Dear SoCal Garden Clinic,
My garden, as well as many of my neighbors', is overrun by nutgrass. I have tried the product recommended by a local garden store, with not good results. It is expensive, and I tried it two times, but the nutgrass grew back with a vengeance. I also tried digging up the weed, including the roots, but again it grew back. What more can I do? This seems to be a problem in many neighborhoods, especially in the San Gabriel Valley.
Mary Ann Ramirez
Before we get to our expert answers, some clarification on what nutgrass actually is. Nutgrass is the common term for what a weed expert said is technically nutsedge.
"In California we have yellow nutsedge (Cyperus esculentus) and purple nutsedge (Cyperus rotundus)," said Cheryl Wilen, area integrated pest management advisor for the University of California's pest management program. "It is hard for the untrained eye to tell the difference."
Wilen differentiates the two by looking at the plants' underground tubers: Purple nutsedge tubers have a lot of fibers on the outside, and yellow nutsedge tubers are smoother. "If you are inclined to bite into one," she said, "yellow nutsedge has a pleasant almond or brazilnut taste, while purple nutsedge does not have a good flavor." Another difference: Yellow nutsedge has straw-to-light brown flower head, and purple nutsedge has a dark brown-to-purple flower head.
The controls for both is largely the same. Because strategies for fighting weeds prompt such vigorous discussions, we turned to not one but three of our SoCal Garden Clinic panelists for their recommendations.
First up: Yvonne Savio, manager of the UC Cooperative Extension's Common Ground Garden Program for Los Angeles County. She oversees the training of master gardeners. Savio writes:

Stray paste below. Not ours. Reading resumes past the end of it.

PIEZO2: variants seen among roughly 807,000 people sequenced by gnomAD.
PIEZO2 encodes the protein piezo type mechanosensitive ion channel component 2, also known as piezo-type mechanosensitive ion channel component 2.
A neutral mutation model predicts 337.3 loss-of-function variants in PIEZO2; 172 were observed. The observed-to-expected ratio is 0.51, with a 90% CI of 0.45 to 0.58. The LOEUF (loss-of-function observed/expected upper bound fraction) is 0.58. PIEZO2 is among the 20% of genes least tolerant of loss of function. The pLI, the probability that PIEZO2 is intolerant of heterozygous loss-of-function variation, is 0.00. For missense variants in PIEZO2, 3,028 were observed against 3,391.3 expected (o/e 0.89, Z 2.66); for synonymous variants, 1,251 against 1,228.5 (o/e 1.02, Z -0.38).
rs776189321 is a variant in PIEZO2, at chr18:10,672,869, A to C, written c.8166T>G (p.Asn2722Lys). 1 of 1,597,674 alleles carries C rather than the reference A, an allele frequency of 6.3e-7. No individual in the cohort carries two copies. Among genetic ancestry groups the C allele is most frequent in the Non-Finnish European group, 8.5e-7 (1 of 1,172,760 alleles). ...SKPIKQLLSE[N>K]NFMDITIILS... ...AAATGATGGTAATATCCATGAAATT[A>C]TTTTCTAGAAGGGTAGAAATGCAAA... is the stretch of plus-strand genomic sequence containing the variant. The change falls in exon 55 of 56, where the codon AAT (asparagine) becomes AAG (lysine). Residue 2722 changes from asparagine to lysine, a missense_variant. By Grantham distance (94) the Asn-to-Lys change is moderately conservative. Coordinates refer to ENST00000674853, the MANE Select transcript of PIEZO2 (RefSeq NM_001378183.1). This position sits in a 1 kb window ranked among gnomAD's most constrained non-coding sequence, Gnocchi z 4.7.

The weeds most commonly called "nutgrass" are among the most hated by gardeners. You don't want these to even begin to get established in your garden. Even the big-guns approach -- using Round-Up -- frequently isn't successful.
The crux of the problem are the "nuts" that grow underground. Unless you remove all of those little nut-like formations -- especially the teeny tiny babies -- they will mature underground and resprout aboveground. By the time you see the foliage of new shoots, the nuts have proliferated below ground.
The only way I've found to remove any remnants is to dig 6 inches around and under each weed and discard it. Don't even think of composting the weed or filtering the soil through a screen. Those almost-invisible baby nutlets will start the process all over again, and they could spread through the compost. You'll waste soil but gain peace of mind that you'll have no more nutgrass within your garden realm.
Frank McDonough, botanist at the Los Angeles County Arboretum and Botanic Garden in Arcadia:
Because we don't use chemical controls, the only method we have at our disposal is removal. The most effective control of nutgrass that has established itself in the ground is to remove the soil down to 18 inches and replace it with nutgrass-free soil.
The other strategy is détente: We have a very lovely lawn in an area that, upon inspection, consists mostly of nutsedge.
Alan Uchida, third-generation nurseryman at Bellefontaine Nursery in Pasadena:
This is one case when you must give in to chemicals. No matter how much smothering, sifting and digging out you do, the weed will return without use of an herbicide.
Bonide Sedge Ender is an effective control of nutgrass and sedges. It kills nutgrass and prevents it from coming back. A new product from Monterey is Nutgrass Killer Selective Herbicide, which can be used in established lawns or around woody ornamentals.
Sometimes people find these kinds of products do not work as effectively as hoped. I find that some herbicides need to be applied more than once or twice, depending on weather conditions and severity of the infestation.
Applying herbicides with small hand sprayers will minimize overspraying. Make close contact to kill the targeted weed. The smaller and younger the weed, the easier to kill.
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